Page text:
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Great Dixter: Then & Now (Paperback)
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Christopher Lloyd, icon and iconoclast of the gardening world, was born at Great Dixter, in East Sussex, in 1921, and died there in 2006. In the years between he developed the garden at Dixter into a mecca for plantsmen and a hub of ideas and connections that spread throughout the world. And from the 1930s almost until his death he was also photographing the garden, recording it in intimate detail as it changed and developed. These photographs are published here, the great majority for the first time. They are juxtaposed with photographs taken by Carol Casselden of the garden as it is today. Fergus Garrett, Christopher Lloyd’s head gardener and his successor at Great Dixter, provides a running commentary on the changing garden and the different plantings.
About the Author
Carol Casselden is an award-winning photographer of gardens and plants. Fergus Garrett was chosen by Christopher Lloyd as his head gardener at Dixter in 1992. He worked closely with Christo until Lloyd’s death in 2006. He is now Chief Executive of the Great Dixter Charitable Trust, and also combines his full-time, hands-on gardening role at Dixter with writing and lecturing all over the world. He was awarded the Veitch Memorial Medal by the RHS in 2015 and in 2019, the coveted RHS Victoria Medal of Honour. Christopher Lloyd (1921–2006) was one of the greatest gardeners of the 20th century and has been described as the world’s finest-ever garden writer. He devoted his life to his garden at Great Dixter, and he produced some of the most influential gardening books of the last 100 years. He was make OBE in 2000 and held the highest award of the Royal Horticultural Society, the Victoria Medal of Honour.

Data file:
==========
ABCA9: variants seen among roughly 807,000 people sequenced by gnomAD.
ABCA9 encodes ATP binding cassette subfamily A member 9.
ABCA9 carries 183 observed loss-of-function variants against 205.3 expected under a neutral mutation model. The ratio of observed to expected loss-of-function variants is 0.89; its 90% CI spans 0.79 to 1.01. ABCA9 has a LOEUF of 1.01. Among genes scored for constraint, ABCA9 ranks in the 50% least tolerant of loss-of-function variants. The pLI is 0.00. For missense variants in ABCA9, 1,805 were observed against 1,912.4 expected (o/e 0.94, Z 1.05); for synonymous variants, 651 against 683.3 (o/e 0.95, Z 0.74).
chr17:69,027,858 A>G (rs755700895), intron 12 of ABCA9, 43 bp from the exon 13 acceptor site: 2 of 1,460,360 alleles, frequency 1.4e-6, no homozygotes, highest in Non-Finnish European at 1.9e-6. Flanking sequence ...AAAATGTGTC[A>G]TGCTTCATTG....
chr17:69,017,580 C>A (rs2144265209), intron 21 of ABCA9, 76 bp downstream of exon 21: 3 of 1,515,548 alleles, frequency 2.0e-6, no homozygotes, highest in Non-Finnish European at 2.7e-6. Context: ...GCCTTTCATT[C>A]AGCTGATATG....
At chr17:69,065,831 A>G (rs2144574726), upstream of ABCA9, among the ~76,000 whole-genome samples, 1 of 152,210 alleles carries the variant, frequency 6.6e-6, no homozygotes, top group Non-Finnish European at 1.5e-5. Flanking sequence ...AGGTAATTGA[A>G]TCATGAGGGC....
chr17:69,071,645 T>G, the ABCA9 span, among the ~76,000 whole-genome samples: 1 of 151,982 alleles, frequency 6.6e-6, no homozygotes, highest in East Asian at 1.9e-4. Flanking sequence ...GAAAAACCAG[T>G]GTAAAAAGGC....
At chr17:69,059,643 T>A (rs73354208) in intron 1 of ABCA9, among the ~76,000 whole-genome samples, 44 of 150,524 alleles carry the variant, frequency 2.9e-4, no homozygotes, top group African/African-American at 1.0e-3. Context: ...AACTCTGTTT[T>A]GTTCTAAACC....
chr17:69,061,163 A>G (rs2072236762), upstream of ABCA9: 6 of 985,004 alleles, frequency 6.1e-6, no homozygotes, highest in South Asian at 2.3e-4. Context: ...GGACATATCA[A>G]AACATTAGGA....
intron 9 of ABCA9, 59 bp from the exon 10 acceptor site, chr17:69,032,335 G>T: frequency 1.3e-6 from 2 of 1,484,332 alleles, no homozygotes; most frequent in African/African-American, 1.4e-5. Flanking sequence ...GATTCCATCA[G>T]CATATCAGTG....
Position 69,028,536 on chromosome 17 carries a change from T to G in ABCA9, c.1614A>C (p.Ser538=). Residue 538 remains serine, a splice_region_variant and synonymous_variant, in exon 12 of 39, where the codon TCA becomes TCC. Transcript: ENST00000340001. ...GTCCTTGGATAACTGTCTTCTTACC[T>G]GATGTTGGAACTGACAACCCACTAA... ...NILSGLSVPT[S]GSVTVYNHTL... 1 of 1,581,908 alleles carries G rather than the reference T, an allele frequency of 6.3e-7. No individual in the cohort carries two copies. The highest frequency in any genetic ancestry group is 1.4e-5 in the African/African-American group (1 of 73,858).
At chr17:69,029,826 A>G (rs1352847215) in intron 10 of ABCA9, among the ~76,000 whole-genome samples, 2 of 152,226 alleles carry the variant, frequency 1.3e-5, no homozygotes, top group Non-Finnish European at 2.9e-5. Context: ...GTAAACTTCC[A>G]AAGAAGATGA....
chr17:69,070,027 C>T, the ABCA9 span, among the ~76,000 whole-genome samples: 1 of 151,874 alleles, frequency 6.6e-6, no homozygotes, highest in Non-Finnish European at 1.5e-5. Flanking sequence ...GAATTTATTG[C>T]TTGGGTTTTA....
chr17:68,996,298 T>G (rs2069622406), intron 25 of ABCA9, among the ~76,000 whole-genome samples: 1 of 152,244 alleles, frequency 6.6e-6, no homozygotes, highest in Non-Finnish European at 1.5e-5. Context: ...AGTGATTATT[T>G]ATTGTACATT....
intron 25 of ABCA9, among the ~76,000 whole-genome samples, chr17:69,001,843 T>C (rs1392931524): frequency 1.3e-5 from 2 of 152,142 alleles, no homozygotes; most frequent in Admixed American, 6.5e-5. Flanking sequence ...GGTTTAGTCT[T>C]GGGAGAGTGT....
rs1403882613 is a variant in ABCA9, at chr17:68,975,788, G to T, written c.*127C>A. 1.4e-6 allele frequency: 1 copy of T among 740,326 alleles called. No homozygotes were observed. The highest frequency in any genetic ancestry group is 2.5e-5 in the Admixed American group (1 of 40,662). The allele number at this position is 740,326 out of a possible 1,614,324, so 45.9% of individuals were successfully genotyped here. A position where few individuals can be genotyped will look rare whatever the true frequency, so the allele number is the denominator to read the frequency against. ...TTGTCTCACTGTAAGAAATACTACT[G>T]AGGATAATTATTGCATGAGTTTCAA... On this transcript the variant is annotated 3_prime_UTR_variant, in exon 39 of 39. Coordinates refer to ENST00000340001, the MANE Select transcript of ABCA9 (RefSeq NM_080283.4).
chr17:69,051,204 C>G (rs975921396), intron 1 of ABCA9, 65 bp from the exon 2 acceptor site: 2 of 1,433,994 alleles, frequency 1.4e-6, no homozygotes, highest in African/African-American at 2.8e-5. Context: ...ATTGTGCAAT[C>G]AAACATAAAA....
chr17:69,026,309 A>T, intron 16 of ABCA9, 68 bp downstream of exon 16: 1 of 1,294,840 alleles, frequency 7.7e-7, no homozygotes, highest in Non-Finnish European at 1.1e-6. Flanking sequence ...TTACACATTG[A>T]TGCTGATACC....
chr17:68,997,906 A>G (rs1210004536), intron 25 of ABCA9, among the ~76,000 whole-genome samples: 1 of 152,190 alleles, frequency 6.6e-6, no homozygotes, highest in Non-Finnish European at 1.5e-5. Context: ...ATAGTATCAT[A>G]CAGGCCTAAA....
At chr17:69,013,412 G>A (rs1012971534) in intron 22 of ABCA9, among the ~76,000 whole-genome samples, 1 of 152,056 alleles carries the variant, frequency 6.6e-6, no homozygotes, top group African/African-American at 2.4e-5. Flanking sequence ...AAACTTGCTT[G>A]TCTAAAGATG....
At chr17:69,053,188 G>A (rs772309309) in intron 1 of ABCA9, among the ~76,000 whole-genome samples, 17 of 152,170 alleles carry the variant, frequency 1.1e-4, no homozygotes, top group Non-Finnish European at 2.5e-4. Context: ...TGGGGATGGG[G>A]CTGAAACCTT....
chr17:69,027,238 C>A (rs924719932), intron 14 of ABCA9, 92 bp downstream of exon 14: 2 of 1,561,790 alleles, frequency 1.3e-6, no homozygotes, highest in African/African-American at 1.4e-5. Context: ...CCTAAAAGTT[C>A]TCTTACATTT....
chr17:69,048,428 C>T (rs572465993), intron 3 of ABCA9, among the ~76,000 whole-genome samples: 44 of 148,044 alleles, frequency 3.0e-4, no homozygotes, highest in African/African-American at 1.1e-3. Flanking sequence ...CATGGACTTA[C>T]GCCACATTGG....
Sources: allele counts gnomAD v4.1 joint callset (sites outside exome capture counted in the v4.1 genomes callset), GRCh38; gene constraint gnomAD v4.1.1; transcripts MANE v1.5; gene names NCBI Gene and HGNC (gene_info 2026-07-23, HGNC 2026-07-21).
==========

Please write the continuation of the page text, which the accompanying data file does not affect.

"A fascinating record of how Dixter has been shaped and enriched over the years. Like the garden it celebrates, this is a multi-layered, diverse display of delights." —Jodie Jones, Gardens Illustrated
"This book bursts with life and combines Garrett's commentary with brilliant photography to tell the story of a garden that beautifully fuses the old and the new." —Daily Mail